What You Need to Know About the Five Stages of Grief and Loss

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How comforting it would be in the emotional upheaval following a traumatic loss if there were a prescription for how things should go, an “if-this-then-that” progression. When you can’t think beyond this agonizing moment, surely there’s a flow chart that will make it all easier.

Unfortunately, the truth is that grief is messy. It defies management, demands all of your attention, lasts just as long as it needs to, and returns with ferocity just when you think you’ve moved on.

None of this necessarily means that psychiatrist Elizabeth Kubler-Ross was misguided. Kubler-Ross’ 1969 ground-breaking book, On Death and Dying, introduced the concept of the five stages of grief and served the great benefit of getting us talking about the process of loss and all of the ways we react to it. These stages apply to any kind of loss, and not only to the death of someone important in your life. You will follow this process after a divorce/separation, loss of a certain ability after an accident or health problem, or a big disappointment.

Kubler-Ross spoke with thousands of people who were dying or had suffered a loss and organized what they told her about that experience into five categories that she called stages. The information was intended to help people going through loss and those who care about them, including their doctors and therapists, better understand the complexity of how we grieve. Theses stages of grief and loss describe some common emotional reactions people experience when confronted by death or loss. Grief is one of those emotions, but not the only one.

What Kubler-Ross described, the widely accepted view of facing loss, goes like this:

Denial

After a traumatic loss, we try to protect ourselves from what seems to be an unbearable experience. We may convince ourselves that it hasn’t happened at all, that there has been some terrible mistake, or that we are caught in a terrible dream and need only to wake up. We cannot grasp reality at this point. It hurts too much and is overwhelming. We are still not ready to face what happened. And that’s ok. It’s part of the process.

Anger

Eventually hope fades. This unimaginable thing really did happen. It can’t be undone. We must endure. That knowledge can bring on anger at the unfairness of our loss. Why did this happen to me? We may resent our loved one for leaving us or try to find someone to blame for what happened. And that “someone” could even be ourselves.

Bargaining

Magical thinking convinces us if we give up something else precious, if we behave differently, if we pay a penance, maybe the loss can be reversed after all. We’ll do it — whatever it takes — and the reward will be an end to the pain.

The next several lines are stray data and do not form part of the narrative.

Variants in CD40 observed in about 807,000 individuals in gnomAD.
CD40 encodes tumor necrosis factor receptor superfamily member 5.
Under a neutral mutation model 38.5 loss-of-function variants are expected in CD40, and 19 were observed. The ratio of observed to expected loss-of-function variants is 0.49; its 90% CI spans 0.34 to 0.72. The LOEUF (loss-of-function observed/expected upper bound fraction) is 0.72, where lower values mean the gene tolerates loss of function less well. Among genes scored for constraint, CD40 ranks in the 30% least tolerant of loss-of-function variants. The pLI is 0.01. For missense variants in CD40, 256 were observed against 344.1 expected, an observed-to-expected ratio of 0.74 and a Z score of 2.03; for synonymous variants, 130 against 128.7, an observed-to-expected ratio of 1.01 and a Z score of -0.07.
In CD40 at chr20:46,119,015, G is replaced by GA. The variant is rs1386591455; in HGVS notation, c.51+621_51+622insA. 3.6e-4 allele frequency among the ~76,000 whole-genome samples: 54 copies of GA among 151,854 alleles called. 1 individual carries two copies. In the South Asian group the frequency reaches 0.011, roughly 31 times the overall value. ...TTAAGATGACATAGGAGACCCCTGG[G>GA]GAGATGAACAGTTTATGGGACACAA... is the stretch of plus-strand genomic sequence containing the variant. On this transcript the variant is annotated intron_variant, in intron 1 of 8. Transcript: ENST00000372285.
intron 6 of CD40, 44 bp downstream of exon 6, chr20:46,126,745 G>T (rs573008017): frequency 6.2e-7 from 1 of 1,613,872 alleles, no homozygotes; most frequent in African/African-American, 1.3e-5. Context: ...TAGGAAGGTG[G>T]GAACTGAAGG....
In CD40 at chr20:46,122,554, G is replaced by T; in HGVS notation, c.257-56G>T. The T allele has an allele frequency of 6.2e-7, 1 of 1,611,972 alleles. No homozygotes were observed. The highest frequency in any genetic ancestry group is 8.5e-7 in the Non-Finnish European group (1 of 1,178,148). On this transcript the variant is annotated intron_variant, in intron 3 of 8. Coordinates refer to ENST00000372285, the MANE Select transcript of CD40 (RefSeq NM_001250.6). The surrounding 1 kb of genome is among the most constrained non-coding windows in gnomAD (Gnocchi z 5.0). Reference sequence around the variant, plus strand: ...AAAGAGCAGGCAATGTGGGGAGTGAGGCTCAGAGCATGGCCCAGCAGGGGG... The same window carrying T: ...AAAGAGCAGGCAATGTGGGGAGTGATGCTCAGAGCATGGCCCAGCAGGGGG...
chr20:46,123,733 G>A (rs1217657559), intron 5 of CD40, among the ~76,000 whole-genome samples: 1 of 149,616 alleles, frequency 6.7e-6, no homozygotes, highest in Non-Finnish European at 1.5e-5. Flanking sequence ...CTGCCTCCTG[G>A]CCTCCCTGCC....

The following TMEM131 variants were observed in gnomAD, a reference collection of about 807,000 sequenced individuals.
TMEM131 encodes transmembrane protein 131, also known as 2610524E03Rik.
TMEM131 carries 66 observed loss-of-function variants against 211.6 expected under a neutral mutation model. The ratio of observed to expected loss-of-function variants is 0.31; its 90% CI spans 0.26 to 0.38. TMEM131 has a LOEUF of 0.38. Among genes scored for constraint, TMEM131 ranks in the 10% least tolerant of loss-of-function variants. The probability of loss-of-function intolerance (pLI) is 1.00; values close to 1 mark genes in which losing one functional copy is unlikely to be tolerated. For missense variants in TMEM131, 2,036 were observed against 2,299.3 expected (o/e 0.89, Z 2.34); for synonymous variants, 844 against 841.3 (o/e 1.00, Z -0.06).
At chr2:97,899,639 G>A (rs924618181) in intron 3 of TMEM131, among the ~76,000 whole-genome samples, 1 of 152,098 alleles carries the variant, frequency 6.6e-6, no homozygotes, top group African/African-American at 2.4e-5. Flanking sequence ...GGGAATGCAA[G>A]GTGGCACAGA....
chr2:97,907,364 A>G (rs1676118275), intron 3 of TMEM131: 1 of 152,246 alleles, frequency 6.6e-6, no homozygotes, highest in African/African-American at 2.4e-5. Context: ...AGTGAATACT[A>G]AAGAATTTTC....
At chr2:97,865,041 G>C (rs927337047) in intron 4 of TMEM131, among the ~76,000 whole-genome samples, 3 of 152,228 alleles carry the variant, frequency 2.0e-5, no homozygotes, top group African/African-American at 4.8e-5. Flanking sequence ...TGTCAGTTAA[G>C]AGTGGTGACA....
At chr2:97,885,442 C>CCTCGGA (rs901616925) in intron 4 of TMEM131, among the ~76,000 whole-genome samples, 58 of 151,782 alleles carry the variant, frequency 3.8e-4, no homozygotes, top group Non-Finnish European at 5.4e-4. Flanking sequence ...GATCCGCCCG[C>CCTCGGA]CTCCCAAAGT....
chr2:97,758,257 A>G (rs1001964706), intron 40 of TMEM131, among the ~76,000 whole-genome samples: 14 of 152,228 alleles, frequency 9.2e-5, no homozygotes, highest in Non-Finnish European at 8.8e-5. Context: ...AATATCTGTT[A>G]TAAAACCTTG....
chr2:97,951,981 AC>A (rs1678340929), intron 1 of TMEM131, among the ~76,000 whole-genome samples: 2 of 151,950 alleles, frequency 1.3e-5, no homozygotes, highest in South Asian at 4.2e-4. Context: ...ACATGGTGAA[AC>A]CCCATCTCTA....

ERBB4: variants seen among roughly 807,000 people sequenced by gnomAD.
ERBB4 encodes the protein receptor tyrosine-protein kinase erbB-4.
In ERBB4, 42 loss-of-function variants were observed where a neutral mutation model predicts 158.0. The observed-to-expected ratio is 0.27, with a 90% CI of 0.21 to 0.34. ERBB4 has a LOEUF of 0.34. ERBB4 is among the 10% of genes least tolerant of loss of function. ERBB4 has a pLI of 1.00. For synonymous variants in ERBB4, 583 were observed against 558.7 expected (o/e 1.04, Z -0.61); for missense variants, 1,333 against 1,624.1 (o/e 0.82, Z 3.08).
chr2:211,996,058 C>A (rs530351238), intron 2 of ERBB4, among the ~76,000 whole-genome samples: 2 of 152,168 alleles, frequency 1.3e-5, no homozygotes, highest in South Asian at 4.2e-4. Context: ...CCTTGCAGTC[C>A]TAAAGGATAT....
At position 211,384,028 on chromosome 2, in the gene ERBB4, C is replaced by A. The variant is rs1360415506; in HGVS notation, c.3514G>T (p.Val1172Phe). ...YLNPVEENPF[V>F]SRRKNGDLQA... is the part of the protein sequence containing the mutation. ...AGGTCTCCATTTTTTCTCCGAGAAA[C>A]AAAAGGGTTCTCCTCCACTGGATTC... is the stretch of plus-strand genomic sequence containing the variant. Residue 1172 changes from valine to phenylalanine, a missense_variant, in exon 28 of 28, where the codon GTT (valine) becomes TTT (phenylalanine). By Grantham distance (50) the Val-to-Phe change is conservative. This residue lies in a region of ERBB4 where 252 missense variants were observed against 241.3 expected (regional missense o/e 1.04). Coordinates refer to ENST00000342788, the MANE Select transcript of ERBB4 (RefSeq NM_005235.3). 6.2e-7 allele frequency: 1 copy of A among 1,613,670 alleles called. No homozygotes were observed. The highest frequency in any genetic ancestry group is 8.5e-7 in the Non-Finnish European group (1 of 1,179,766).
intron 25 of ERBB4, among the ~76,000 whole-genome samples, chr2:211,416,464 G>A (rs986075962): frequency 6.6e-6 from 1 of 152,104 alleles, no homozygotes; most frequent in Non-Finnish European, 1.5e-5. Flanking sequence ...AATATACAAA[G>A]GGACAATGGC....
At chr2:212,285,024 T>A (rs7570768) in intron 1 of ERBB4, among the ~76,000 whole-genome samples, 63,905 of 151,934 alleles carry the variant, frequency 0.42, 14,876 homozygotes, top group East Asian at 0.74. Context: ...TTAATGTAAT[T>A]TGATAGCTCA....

Sadness

There is no magic, no bargains to be struck. There’s no point in denying what has happened. The loss happened, no matter how unfair. We are powerless against this event and that leaves us frightened and sad. We cry, wake in the night, eat too much, or starve ourselves. We withdraw from friends and family as we sink into darkness. At this stage we are starting to realize that nothing can be done to change things as they are.

Acceptance

It has gotten as bad as it can get and we are still here. The loss is permanent, a part of life that we will never escape, but we begin to think there is some point in going on with life. It’s even possible we will find something to be happy about and we ease into a new phase of life. We are finally able to drop our ideas about how life should be and feel ready to go on.

Please note that these reactions are as individual as the people living through the episode. True, most of us go through some form of these five stages, but the intensity, the order, and the expression of the feelings are our own. We may experience more than the five stages identified. Some of us may skip some stages. If the loss is not very traumatic, for instance, we may not feel denial and jump into anger straight away. With most of our daily disappointments (which are also losses as we have to give up our expectations) we may just feel sadness and then, eventually, acceptance.

What we get when death and loss enter our lives is an opportunity to travel through the emotions surrounding loss in our own way. It’s an opportunity to accept life as it is and to learn that getting stuck on our own ideas is what produces our suffering, as hard as it may sound. Life is constant movement and change, and it doesn’t care if we are happy and comfortable with our current situation. And those changes don’t have to agree with what we had planned…

 

 

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